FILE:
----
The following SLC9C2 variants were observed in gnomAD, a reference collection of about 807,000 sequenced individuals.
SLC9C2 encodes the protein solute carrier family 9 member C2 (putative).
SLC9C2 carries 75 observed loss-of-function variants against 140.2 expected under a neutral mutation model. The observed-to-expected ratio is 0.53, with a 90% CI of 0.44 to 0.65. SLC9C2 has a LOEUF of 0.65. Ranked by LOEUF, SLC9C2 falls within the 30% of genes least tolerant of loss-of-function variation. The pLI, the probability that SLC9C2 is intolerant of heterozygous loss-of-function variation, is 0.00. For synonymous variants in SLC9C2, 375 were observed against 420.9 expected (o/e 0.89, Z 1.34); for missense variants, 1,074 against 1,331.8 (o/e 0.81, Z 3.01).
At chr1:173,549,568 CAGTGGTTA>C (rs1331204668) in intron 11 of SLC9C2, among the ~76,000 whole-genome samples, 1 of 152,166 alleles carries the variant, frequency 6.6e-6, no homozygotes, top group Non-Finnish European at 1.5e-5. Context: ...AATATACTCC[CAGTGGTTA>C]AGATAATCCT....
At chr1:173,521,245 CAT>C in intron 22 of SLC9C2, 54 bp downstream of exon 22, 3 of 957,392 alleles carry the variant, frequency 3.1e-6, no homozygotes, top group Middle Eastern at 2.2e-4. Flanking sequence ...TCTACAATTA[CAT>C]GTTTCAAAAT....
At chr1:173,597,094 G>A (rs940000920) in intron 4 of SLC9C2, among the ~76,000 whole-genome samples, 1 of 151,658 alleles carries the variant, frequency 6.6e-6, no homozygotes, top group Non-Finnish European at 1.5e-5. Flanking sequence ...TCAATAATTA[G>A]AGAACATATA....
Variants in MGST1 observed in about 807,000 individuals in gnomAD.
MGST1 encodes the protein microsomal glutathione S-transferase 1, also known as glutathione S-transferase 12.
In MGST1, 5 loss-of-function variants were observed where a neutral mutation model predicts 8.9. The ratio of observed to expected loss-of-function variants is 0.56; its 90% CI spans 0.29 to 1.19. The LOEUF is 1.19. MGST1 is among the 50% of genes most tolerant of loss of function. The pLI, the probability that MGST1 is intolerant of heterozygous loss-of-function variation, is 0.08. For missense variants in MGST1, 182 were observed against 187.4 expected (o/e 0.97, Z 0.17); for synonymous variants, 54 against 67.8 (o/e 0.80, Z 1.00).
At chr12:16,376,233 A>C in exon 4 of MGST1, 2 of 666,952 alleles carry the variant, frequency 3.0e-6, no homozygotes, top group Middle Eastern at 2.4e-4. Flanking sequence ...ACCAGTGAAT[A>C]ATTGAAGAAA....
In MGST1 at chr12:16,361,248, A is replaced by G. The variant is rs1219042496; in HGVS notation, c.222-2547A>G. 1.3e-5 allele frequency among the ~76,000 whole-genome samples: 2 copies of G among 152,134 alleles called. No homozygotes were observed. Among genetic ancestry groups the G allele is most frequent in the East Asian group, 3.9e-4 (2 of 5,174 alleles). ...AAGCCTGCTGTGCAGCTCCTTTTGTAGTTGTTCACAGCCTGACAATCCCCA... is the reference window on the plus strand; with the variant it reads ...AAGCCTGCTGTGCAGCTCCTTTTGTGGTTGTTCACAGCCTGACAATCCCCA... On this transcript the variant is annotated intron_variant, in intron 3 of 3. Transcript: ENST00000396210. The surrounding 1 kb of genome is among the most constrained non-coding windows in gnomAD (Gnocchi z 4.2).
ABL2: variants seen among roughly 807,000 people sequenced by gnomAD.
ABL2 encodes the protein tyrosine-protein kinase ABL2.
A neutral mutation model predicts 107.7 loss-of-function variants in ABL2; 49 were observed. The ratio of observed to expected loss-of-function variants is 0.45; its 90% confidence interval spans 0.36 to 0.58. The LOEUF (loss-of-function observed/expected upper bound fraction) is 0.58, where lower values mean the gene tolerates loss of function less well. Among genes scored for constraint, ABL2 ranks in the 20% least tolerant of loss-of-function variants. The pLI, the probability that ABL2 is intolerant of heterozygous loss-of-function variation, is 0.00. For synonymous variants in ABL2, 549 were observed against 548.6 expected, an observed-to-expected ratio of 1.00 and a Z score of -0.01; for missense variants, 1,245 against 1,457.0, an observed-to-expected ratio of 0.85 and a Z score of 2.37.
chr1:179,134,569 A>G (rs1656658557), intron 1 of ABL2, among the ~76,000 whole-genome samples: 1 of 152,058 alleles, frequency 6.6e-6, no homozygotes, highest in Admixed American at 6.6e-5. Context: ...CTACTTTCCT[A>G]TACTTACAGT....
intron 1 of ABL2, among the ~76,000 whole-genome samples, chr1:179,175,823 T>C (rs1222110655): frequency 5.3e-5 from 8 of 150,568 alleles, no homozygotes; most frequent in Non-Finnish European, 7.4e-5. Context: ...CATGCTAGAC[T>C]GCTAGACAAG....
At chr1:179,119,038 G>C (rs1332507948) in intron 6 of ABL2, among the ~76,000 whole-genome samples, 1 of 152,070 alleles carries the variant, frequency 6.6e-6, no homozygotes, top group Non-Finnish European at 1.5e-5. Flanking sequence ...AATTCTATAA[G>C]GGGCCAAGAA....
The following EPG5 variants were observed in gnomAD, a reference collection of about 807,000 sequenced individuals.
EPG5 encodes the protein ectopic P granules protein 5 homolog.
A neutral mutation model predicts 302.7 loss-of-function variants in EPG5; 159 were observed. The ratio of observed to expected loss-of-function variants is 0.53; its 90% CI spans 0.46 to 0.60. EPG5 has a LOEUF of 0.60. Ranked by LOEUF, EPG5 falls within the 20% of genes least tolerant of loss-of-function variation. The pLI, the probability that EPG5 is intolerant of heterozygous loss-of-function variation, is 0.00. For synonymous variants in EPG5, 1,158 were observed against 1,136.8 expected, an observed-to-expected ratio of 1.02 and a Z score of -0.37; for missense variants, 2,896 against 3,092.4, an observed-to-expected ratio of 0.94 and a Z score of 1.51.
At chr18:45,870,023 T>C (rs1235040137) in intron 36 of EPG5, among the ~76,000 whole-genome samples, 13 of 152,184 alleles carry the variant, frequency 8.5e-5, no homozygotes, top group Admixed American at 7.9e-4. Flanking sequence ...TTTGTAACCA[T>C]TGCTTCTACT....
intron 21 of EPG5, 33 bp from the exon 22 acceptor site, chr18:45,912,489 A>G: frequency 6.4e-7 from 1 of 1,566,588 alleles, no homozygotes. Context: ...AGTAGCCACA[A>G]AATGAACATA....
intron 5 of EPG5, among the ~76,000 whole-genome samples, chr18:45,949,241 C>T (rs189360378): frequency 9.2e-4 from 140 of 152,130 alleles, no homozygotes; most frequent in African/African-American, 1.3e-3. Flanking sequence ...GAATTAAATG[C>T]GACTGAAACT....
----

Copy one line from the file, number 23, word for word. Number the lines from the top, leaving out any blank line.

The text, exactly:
intron 5 of EPG5, among the ~76,000 whole-genome samples, chr18:45,949,241 C>T (rs189360378): frequency 9.2e-4 from 140 of 152,130 alleles, no homozygotes; most frequent in African/African-American, 1.3e-3. Flanking sequence ...GAATTAAATG[C>T]GACTGAAACT....